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Thread: how to determine lineage

  1. #1
    Registered Users

    how to determine lineage

    How to figure out this problem: mother/daughter tested, both have of course X chromosome (haplo is D4). On Gedmatch largest X match was of different haplo T1. Having X matches but have completely different haplgroup? Can someone help me to understand it ?

  2. #2
    Gold Class Member
    Chicago, Illinois
    mixed European
    Dad: R1b/L21/DF63

    Significant X match for a woman need not have the same haplo, because X match and mtDNA are different.

    For example, mother and daughter share mtDNA AND are an X match.

    Daughter and father do not share mtDNA but are an X match (daughter gets X from both parents).

    Here, the daughter and mother both match another person, but the other person need have gotten his or her matching X segment from someone sharing a matrilineal line with them. For example, the mother and daughter have a matching X segment from the mother's father, someone with whom they would not have an mtDNA match. If the other person matched is a woman, that person's matching X segment could be from her father, so again would not go with matching mtDNA.

    You can simply rule out that this person is a matrilineal match.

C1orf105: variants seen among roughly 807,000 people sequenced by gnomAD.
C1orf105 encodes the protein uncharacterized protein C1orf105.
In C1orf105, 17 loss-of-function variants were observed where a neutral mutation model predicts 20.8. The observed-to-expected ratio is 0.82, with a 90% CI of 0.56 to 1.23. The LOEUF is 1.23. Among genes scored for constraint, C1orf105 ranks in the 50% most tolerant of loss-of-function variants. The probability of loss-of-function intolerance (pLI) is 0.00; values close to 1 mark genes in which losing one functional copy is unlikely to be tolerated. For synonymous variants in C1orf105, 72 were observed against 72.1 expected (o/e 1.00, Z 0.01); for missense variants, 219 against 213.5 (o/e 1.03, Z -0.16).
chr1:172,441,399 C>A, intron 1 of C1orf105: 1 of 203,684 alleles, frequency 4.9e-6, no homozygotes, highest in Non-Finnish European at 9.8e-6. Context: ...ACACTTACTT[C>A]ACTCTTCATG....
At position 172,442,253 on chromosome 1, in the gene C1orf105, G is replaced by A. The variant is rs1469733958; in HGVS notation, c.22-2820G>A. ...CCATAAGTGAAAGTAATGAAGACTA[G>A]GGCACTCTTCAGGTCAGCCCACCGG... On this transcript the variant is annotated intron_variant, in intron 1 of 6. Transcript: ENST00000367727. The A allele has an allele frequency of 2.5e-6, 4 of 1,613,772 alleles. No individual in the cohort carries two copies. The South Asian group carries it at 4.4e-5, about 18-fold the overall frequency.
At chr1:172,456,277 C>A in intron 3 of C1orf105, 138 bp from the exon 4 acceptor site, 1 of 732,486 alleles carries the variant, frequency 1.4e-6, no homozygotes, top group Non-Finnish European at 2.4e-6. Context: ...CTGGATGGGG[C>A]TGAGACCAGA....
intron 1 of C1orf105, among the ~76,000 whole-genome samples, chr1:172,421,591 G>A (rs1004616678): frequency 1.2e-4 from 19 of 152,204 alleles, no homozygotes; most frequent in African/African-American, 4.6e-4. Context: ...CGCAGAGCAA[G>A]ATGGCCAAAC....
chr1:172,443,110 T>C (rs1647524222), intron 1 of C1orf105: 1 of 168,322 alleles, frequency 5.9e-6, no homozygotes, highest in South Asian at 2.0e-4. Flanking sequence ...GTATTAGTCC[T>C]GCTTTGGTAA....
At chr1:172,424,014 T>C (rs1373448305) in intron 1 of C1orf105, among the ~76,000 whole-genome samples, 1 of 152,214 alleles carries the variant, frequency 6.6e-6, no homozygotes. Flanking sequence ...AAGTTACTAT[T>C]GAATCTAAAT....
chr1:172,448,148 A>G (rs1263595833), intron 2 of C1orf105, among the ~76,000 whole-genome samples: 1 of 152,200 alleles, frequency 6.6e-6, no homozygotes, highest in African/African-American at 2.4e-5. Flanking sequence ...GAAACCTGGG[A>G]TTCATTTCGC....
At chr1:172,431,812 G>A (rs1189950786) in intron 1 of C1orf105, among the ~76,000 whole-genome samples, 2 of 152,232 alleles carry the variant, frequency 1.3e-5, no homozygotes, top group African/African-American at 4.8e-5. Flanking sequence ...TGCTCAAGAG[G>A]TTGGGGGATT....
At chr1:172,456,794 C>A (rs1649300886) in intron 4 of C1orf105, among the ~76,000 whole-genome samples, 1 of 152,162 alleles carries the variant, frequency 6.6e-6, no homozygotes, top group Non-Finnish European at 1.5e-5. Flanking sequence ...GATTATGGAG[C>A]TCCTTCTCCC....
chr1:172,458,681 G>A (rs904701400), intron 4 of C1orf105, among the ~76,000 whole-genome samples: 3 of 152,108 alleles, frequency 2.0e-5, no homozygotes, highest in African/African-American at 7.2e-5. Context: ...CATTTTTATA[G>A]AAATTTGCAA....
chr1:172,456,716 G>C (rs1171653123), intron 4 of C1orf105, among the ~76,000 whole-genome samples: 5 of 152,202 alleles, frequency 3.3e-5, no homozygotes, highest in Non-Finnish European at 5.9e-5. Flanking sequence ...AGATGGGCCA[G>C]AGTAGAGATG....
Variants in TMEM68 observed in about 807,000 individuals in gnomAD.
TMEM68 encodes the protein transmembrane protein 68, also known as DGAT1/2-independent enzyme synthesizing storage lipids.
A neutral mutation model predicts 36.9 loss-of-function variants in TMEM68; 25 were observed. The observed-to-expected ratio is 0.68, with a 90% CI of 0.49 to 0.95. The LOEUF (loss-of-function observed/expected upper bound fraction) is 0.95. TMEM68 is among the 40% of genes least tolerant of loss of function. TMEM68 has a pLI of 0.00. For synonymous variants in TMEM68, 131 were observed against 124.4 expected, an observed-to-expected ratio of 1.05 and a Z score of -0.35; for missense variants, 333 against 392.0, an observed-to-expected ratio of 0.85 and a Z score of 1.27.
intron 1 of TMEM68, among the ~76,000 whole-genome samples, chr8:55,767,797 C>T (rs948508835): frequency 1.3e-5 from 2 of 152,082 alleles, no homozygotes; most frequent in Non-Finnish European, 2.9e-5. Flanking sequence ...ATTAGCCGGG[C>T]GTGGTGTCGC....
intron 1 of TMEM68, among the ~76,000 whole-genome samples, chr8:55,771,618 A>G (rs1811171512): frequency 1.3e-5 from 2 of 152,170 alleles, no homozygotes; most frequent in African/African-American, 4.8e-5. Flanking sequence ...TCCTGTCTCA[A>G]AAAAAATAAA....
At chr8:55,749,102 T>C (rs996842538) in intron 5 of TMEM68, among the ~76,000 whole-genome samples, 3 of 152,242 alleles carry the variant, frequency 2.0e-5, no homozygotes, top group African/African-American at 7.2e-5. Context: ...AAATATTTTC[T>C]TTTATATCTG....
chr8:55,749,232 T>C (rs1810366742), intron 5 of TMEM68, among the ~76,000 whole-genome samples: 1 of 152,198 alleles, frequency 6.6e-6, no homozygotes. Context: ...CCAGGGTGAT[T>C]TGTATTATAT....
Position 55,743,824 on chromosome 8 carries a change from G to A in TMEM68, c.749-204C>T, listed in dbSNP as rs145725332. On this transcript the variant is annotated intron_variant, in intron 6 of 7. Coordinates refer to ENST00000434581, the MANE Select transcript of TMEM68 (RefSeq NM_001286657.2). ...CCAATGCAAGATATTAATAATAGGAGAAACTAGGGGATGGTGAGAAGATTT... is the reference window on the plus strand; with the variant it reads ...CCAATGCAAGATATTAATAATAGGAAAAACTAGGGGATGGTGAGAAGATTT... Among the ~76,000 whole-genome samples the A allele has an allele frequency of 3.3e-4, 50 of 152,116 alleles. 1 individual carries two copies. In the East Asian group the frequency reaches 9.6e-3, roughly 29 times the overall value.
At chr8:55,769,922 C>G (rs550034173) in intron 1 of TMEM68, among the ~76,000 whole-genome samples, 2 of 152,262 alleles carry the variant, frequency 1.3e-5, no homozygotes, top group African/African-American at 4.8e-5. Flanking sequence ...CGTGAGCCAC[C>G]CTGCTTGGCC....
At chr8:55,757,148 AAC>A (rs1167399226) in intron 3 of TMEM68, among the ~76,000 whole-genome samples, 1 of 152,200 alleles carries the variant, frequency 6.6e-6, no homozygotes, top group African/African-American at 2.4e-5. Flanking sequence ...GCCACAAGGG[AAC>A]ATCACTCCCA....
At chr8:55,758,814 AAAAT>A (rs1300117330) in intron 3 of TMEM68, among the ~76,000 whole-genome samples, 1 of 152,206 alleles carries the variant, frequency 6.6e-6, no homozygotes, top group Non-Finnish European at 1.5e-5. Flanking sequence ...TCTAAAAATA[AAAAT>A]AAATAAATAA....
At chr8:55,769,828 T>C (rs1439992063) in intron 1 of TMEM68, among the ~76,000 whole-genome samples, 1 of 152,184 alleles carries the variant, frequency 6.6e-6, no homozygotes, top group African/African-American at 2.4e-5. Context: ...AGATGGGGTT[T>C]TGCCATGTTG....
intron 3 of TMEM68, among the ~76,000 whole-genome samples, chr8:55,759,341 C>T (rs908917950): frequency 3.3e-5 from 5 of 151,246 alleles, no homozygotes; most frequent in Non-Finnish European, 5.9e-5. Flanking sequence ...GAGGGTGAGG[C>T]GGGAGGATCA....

Hope that makes sense.
    Last edited by msmarjoribanks; 01-05-2018 at 12:43 AM.

  3. #3
    Gold Class Member
    Pittsburgh, PA, USA
    (U.S.) American

    United Kingdom Germany Bayern Catalonia France Ireland Switzerland
    The same thing is true for males. Although my eldest brother inherited both his mtDNA haplogroup and his single X chromosome from our mother, she didn't get both from the same source.

    Like everyone else, of course, she inherited her mtDNA haplogroup from her mother. But the X chromosome she passed on to my brother contained DNA only from her father. In other words, she passed on an unrecombined copy of the same X chromosome she inherited from her father -- which he, in turn, inherited from his mother.

    This is not the only time she passed on an unrecombined X, either. One of my sisters also inherited a maternal X chromosome with no contribution from our grandmother. As a result, her X chromosome has half identical matching with our brother across the entire chromosome.

    My own X does contain some DNA from our grandmother, though not much: only about 20 cM surrounding the centromere. The rest is from my maternal grandfather.

    One way the X chromosome can be very useful in genealogy is that it has vastly fewer possible contributors as compared with other chromosomes. It can be helpful to fill out a chart like the one found here. Just remember, not everyone who is a potential contributor to the X chromosome will necessarily be an actual contributor.
    Last edited by geebee; 01-05-2018 at 08:31 PM.
    Besides British-German-Catalan, ancestry includes smaller amounts of French, Irish, Swiss, Choctaw & possibly Catawba. Avatar picture is: my father, his father, & his father's father; baby is my eldest brother.


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     spruithean (01-07-2018)

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